Three: walk home from j-class across campus as the sun sets and the warmth fades, pass under palm trees and through the heavy scent of bark and eucalyptus. Californian spring assaults all my senses in the best possible way. This is the happiest I've ever felt.
Four: a glowing, opaque veil that presses down hard into the edges of streets and buildings, the light reaching along telephone wires and illuminating the rigid lines of tennis courts and parking lots.

7. T H E  H E A R T

Yesterday was a long drag, a lingering blink, that gut-howling misery of the alarm going off at 6.30am, brain cogs too tired and squelchy to turn, pointless hours in the library and the cafe, head scratching until late, falling into bed feeling like I hadn't achieved anything at all -
But I am on the west coast, and I am moving real fine.

To a girl born in and shaped by London, California does not seem a real place, but it is a damn happy interlude.

This world, this world right here, this world is for you.

Songs: month seven

John Lee Hooker For President  /  Ry Cooder
Romeo and Juliet  /  Dire Straits
Tumbling Dice  /  The Gaslight Anthem
A Little Faith  /  The National
Me and Julio Down by the Schoolyard  /  Paul Simon
Like Crying  /  Fleetwood Mac
Try A Little Tenderness  /  Otis Redding
Twisting the Night Away  /  Sam Cooke
Only the Lonely  /  Roy Orbison
The Heinrich Maneuver  /  Interpol
Headbutt  /  The King Blues 

Saturday, July 22

California, month six | that great strong land of love

Apartment twenty, early January 2017. C arrives in a rainstorm, late the first evening, and we brew tea immediately. The new place is a mess: floorboards awash with scattered q-tips and dustballs and broken clothes hangers, strange objects huddled in corners (a china monkey money box, an elephant-shaped watering can, a half eaten bag of cough drops, a dented can of chopped green beans), the rooms heavy with the cloying odour of a four-week full bin. All day I'd cleaned and unpacked. I wiped, dusted, sprayed, filled bag after bag with rubbish, and swept the floors with a plastic orange brush I bought at the Japanese dollar store. When I'd arrived that morning, shoulders burning after carrying my bags up to the second floor, it took all my willpower not to sink into the bottom bunk's bare rubber mattress and sob. Everything was so dirty, and I was adrift in unfamiliarity again. But instead I put on some music, rolled up my sleeves, and got to it. By the time C's at the door, the rooms are a little more habitable, and when I hear her moving about in the living room, putting the kettle on, it already feels like home.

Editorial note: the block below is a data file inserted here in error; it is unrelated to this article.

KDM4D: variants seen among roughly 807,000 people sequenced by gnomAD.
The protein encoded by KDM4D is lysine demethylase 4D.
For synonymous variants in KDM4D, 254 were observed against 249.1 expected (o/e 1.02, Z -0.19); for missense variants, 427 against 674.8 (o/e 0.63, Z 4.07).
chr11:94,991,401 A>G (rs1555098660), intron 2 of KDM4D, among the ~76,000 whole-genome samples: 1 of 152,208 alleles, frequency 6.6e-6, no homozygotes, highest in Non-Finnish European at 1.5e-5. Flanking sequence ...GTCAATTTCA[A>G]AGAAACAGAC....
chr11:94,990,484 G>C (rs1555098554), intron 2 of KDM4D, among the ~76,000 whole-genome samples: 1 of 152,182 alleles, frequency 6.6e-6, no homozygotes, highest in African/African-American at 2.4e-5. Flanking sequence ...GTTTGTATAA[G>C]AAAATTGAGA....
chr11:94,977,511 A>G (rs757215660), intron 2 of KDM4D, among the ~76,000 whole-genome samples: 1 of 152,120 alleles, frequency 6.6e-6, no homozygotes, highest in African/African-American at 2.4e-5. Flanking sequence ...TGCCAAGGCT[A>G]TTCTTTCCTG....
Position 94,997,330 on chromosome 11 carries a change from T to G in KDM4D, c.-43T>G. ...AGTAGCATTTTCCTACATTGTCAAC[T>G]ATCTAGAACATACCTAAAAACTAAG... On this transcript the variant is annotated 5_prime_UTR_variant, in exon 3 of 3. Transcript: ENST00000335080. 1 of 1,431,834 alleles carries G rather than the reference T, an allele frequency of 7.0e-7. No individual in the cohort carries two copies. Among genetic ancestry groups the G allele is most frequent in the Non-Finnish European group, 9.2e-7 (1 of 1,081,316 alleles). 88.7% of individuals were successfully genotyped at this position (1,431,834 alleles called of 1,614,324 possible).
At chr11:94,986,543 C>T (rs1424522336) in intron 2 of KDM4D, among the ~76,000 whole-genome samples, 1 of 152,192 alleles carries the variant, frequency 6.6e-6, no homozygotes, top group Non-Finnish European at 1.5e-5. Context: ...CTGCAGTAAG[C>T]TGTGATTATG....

Peace and sun, those first few days. Golden hour is ridiculous from the window of our new room. Last semester I could see the Sather Tower and used its hourly peals to structure my day; now I can watch the hills behind campus, the way they reflect the sun at dawn and dusk, the way the small houses at the top wink in the dark.

Day trips to the city. Waiting for the bus with 7-Eleven coffee and donuts.

Loafing at the top of Bancroft with thermos flasks as the sun dips. It's warm enough to sit outside, though you'll need a scarf. It doesn't feel like any January I know.

Getting tangled in freeways on the first few half-marathon training runs.

Saturday afternoon at the farmers' market. Everybody outside in warm blue. Herb bundles in bicycle baskets, a girl in dungarees with fruit under her arm, that sort of thing. Fresh bread and sunshine. So far, January in California feels like April in England, and I am very much ok with that.

When Trump's sworn in nobody wants to look. I'm at work, anyway, and I have to make smoothies for a bunch of Trump supporters. The peanut butter scoop shakes in my hand. Later we race down Telegraph towards Oakland to catch the tail end of the inauguration day protest. Police in riot gear wait along Oakland's peripheries as the protestors head towards the city centre, yet all is peaceful: downtown we're met with free pumpkin pie, not tear gas or stun guns. The air isn't charged the way it was on election night, not raw with pain, yet the voices are louder, more defiant.

The following morning we make signs from cardboard boxes raided from the recycling bins. NASTY WOMEN UNITE. VIVA LA VULVA. GRAB 'EM BY THE PATRIARCHY. The San Francisco bus is full of students: it almost feels like a school trip: there's not much traffic on the bridge: a parade of children forced on a pro-life march drift past the bus windows and we all get angry: and then we're in a one-hundred-thousand strong crowd at Civic Center, a damp fierce knot of umbrellas and battered signs and fists. It's International Women's Day. In the dusky rain we march and sing, and are filled with hope.

'I refuse to call him president,' says the elderly lady sitting next to me at Caffe Strada a few days later.

Solace, as ever, is sought in the words of my favourite poets. Thousands of miles away in Australia, Bruce Springsteen speaks out against Trump's Muslim Ban. 'America is a nation of immigrants,' he says, 'and we find this anti-democratic and fundamentally un-American'.
And then there's Langston Hughes:
Let America be the dream the dreamers dreamed --
Let it be that great strong land of love